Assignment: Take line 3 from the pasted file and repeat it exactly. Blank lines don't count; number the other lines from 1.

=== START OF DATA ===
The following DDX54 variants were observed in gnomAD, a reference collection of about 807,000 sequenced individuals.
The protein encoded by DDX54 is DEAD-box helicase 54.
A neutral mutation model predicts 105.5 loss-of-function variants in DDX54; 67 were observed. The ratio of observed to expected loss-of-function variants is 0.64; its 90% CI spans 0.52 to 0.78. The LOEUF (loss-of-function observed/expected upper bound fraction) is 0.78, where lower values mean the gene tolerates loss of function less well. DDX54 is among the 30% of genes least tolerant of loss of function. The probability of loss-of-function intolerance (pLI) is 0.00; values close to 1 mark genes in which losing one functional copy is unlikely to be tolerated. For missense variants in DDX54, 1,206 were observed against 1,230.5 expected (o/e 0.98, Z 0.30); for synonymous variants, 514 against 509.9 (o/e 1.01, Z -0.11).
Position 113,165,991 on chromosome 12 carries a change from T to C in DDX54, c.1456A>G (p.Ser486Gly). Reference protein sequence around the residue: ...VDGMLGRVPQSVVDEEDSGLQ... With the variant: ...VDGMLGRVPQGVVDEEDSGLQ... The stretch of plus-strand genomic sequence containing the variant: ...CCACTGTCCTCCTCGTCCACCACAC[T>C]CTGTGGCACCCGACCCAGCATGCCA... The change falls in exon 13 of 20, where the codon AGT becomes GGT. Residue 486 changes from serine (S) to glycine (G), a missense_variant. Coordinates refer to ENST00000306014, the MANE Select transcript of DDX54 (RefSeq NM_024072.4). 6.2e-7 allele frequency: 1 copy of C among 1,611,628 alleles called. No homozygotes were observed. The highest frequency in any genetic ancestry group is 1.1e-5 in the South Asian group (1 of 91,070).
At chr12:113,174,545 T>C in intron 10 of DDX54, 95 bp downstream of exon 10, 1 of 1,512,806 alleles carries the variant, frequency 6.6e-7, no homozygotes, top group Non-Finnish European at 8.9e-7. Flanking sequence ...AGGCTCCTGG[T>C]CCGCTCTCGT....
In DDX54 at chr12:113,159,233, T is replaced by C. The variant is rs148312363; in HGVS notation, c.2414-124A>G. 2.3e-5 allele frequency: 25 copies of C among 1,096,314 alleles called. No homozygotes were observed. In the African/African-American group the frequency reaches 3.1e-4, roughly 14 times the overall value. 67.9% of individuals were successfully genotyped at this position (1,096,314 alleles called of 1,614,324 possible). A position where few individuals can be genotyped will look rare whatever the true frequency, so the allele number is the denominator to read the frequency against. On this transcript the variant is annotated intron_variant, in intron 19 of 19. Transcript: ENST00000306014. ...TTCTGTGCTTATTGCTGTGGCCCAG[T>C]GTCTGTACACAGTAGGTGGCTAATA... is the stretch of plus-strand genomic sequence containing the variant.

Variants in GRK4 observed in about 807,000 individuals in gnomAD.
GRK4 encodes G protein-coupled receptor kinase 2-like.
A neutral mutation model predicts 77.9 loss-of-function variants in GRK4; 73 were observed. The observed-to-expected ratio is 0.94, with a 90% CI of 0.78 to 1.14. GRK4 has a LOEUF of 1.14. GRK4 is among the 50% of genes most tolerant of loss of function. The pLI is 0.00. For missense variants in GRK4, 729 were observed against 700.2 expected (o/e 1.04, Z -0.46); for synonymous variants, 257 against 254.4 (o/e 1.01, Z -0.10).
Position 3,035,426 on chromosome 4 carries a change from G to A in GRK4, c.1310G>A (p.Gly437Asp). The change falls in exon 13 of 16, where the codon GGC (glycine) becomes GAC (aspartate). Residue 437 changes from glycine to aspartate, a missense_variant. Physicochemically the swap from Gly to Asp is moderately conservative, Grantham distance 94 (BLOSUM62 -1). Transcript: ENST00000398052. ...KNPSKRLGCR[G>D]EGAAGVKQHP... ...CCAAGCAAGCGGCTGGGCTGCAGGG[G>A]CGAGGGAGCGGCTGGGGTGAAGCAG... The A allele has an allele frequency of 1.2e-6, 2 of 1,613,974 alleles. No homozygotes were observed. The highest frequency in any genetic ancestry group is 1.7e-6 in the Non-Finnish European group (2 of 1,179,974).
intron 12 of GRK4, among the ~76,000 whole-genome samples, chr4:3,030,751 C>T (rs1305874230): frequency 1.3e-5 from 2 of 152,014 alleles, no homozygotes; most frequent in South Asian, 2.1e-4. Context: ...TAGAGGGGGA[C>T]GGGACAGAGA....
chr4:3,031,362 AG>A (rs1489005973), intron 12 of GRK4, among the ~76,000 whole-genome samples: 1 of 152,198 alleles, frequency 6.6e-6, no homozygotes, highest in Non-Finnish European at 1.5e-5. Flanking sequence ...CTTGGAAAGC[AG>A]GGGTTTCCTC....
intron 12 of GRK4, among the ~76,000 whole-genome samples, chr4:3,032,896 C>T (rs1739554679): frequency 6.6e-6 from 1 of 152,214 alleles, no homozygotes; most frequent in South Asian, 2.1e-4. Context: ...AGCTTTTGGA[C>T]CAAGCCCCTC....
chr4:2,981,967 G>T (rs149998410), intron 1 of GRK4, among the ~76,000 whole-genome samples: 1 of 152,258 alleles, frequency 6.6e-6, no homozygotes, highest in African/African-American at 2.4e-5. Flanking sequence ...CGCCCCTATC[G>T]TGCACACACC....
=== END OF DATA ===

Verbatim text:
A neutral mutation model predicts 105.5 loss-of-function variants in DDX54; 67 were observed. The ratio of observed to expected loss-of-function variants is 0.64; its 90% CI spans 0.52 to 0.78. The LOEUF (loss-of-function observed/expected upper bound fraction) is 0.78, where lower values mean the gene tolerates loss of function less well. DDX54 is among the 30% of genes least tolerant of loss of function. The probability of loss-of-function intolerance (pLI) is 0.00; values close to 1 mark genes in which losing one functional copy is unlikely to be tolerated. For missense variants in DDX54, 1,206 were observed against 1,230.5 expected (o/e 0.98, Z 0.30); for synonymous variants, 514 against 509.9 (o/e 1.01, Z -0.11).